Discussion:
Suppose I fail the MA annual automobile inspection?
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NadCixelsyd
2012-12-10 23:17:11 UTC
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My next door neighbor had his car inspected in Massachusetts in late
September. It failed (but I don't know why). He still drives the car
on a daily basis with his rejection sticker.

If the police ever stop him, what will happen? Most importantly, will
the police impound the car on the spot?
John F. Carr
2012-12-19 16:05:38 UTC
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Post by NadCixelsyd
My next door neighbor had his car inspected in Massachusetts in late
September. It failed (but I don't know why). He still drives the car
on a daily basis with his rejection sticker.
If the police ever stop him, what will happen? Most importantly, will
the police impound the car on the spot?
It is not illegal to drive with a rejection sticker. The car still has
to meet legal equipment standards. Case law says police are allowed to
pull you over to check whether your car is legal to drive.

The rejection expires after a limited time (60 days?) and after that
time it is the same as no inspection sticker.

I don't know if they can seize your car.
--
John Carr (***@mit.edu)
NadCixelsyd
2012-12-20 00:19:28 UTC
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Post by John F. Carr
The rejection expires after a limited time (60 days?) and after that
time it is the same as no inspection sticker.
I don't know if they can seize your car.
--
Without a cite, I'm pretty sure that problems and reinspection must
occur in 10 days.

As the OP: The car in question failed inspection on September 26th
and still had not passed inspection as of December 18th.
Jimmy
2012-12-26 20:00:15 UTC
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It is not illegal to drive with a rejection sticker.  The car still has
to meet legal equipment standards.  Case law says police are allowed to
pull you over to check whether your car is legal to drive.
If you failed for safety reasons (as opposed to emissions), how could
the car meet equipment standards? (Unless you had the problem fixed,
but didn't get the reinspection yet.)

Is it illegal to drive in Massachusetts with an expired out-of-state
inspection sticker?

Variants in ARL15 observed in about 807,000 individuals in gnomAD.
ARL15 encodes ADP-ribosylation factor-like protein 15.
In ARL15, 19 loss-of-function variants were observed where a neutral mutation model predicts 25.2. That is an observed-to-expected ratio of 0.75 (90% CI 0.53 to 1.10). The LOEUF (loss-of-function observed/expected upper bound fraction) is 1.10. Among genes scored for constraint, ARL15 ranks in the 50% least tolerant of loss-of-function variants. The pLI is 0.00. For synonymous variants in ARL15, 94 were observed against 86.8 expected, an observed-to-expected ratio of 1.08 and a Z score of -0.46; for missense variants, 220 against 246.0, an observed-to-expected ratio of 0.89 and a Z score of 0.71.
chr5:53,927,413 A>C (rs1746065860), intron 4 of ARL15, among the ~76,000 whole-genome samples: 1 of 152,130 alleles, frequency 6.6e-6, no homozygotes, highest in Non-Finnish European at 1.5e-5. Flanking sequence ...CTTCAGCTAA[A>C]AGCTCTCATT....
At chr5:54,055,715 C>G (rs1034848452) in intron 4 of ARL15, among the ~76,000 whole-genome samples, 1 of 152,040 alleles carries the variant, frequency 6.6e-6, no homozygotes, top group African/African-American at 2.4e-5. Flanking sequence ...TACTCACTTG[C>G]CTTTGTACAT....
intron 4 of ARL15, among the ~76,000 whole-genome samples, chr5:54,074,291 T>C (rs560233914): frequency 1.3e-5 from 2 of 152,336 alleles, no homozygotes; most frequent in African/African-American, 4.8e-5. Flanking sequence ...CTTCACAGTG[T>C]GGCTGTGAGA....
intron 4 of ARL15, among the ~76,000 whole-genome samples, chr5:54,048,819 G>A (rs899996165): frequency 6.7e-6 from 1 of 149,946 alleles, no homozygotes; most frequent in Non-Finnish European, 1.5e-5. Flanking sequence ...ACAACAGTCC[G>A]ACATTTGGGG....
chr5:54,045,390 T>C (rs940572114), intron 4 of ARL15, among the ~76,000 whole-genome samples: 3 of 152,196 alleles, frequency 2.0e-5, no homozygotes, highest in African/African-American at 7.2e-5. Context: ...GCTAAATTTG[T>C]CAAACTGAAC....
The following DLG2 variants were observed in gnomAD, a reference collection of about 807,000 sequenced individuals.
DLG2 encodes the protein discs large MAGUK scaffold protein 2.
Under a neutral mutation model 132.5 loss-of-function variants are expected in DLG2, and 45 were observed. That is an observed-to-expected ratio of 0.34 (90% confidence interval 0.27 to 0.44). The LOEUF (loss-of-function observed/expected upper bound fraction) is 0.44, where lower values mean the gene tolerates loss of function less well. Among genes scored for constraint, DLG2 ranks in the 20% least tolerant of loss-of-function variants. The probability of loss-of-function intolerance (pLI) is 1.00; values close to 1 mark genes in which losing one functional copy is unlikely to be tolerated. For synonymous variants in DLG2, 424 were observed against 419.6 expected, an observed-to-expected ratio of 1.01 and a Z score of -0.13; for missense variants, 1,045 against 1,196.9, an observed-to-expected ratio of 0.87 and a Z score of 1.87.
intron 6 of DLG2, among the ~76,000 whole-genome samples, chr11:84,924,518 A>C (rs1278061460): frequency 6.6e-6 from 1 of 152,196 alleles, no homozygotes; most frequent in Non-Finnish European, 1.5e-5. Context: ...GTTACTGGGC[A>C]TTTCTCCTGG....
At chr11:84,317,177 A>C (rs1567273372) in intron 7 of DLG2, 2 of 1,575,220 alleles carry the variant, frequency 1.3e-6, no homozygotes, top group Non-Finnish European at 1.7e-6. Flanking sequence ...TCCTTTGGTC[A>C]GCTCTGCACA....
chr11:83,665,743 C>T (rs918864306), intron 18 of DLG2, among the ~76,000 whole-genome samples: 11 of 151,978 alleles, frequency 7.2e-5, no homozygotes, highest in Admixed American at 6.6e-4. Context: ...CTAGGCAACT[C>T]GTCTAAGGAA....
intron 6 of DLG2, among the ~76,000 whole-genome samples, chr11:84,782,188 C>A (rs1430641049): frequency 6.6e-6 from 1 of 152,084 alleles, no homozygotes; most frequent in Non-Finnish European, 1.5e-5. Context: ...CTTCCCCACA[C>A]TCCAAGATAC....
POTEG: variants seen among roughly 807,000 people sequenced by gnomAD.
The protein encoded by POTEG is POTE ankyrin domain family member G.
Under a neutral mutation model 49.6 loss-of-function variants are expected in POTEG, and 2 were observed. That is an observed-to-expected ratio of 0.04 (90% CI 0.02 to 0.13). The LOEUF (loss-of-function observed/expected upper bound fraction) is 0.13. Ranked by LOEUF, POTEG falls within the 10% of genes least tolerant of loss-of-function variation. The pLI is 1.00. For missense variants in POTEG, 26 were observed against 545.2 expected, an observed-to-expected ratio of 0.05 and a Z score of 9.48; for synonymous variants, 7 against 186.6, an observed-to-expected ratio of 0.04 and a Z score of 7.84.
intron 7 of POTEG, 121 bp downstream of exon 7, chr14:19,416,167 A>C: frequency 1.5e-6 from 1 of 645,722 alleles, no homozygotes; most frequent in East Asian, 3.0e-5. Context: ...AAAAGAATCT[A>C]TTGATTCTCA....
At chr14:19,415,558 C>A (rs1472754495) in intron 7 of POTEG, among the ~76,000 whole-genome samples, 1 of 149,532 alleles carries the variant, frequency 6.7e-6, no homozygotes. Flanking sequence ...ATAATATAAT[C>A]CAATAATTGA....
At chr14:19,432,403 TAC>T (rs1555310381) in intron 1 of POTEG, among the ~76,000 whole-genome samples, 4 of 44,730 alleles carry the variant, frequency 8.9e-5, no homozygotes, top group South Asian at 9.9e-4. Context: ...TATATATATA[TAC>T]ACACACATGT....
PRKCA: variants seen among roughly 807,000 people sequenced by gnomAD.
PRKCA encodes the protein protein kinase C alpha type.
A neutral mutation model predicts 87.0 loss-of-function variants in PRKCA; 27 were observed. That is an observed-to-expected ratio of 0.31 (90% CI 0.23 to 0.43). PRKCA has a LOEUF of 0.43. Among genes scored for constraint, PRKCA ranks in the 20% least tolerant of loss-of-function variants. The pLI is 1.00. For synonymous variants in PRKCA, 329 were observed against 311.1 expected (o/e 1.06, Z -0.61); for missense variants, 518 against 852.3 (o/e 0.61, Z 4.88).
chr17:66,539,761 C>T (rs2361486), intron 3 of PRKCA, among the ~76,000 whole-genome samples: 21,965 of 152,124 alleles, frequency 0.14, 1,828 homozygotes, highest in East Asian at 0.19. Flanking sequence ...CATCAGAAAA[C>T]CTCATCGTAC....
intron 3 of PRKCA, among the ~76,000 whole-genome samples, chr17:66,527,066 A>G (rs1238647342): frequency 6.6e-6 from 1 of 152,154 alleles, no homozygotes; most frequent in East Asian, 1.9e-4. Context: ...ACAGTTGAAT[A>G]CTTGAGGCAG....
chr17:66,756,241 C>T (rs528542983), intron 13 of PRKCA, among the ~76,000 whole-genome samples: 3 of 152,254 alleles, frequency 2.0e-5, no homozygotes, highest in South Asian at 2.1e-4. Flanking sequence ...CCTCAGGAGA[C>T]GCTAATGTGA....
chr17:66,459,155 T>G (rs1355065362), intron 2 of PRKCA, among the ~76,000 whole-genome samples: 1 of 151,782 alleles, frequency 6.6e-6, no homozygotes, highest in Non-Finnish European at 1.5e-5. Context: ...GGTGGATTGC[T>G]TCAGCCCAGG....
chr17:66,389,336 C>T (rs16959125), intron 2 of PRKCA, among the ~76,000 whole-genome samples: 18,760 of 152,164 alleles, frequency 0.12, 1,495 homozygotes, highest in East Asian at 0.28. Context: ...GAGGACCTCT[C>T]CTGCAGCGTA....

Jimmy
John F. Carr
2012-12-26 22:12:48 UTC
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Post by Jimmy
If you failed for safety reasons (as opposed to emissions), how could
the car meet equipment standards? (Unless you had the problem fixed,
but didn't get the reinspection yet.)
I don't know whether inspection rejection reasons (other than emissions)
are a subset of illegal-to-drive reasons.

You could have fixed the problem, or the inspection station could be
mistaken, or the inspection station could have been trying to blackmail
you into an unnecessary purchase with the threat of rejection.
--
John Carr (***@mit.edu)
Jimmy
2012-12-26 20:00:15 UTC
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Raw Message
It is not illegal to drive with a rejection sticker.  The car still has
to meet legal equipment standards.  Case law says police are allowed to
pull you over to check whether your car is legal to drive.
If you failed for safety reasons (as opposed to emissions), how could
the car meet equipment standards? (Unless you had the problem fixed,
but didn't get the reinspection yet.)

Is it illegal to drive in Massachusetts with an expired out-of-state
inspection sticker?

Jimmy
Jeffrey Kaplan
2012-12-19 18:09:19 UTC
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Post by NadCixelsyd
My next door neighbor had his car inspected in Massachusetts in late
September. It failed (but I don't know why). He still drives the car
on a daily basis with his rejection sticker.
When a vehicle fails the inspection, there is a grace period during
which the vehicle can still legally be driven. The expiration of this
period is printed on the rejection sticker. During that time, the
owner/operator is required to make arraignments for the failure
condition to be rectified. For most people, this means fixing what's
broken. Of course, alternatives to that include getting rid of and/or
replacing the vehicle.
Post by NadCixelsyd
If the police ever stop him, what will happen? Most importantly, will
the police impound the car on the spot?
If it's within the grace period, the most that should happen here is a
written warning. Most cops that I know of won't do anything about it
during the grace period unless the failure sticker is the reason for
the stop in the first place.

If it's outside of the grace period, then the vehicle may be impounded,
or the operator may simply be instructed to get the vehicle off the
road and given a moving violation ticket or warning.

When my car fails, it's always due to the brakes. I typically get mine
done when it fails the inspection. :)
--
Jeffrey Kaplan www.gordol.org
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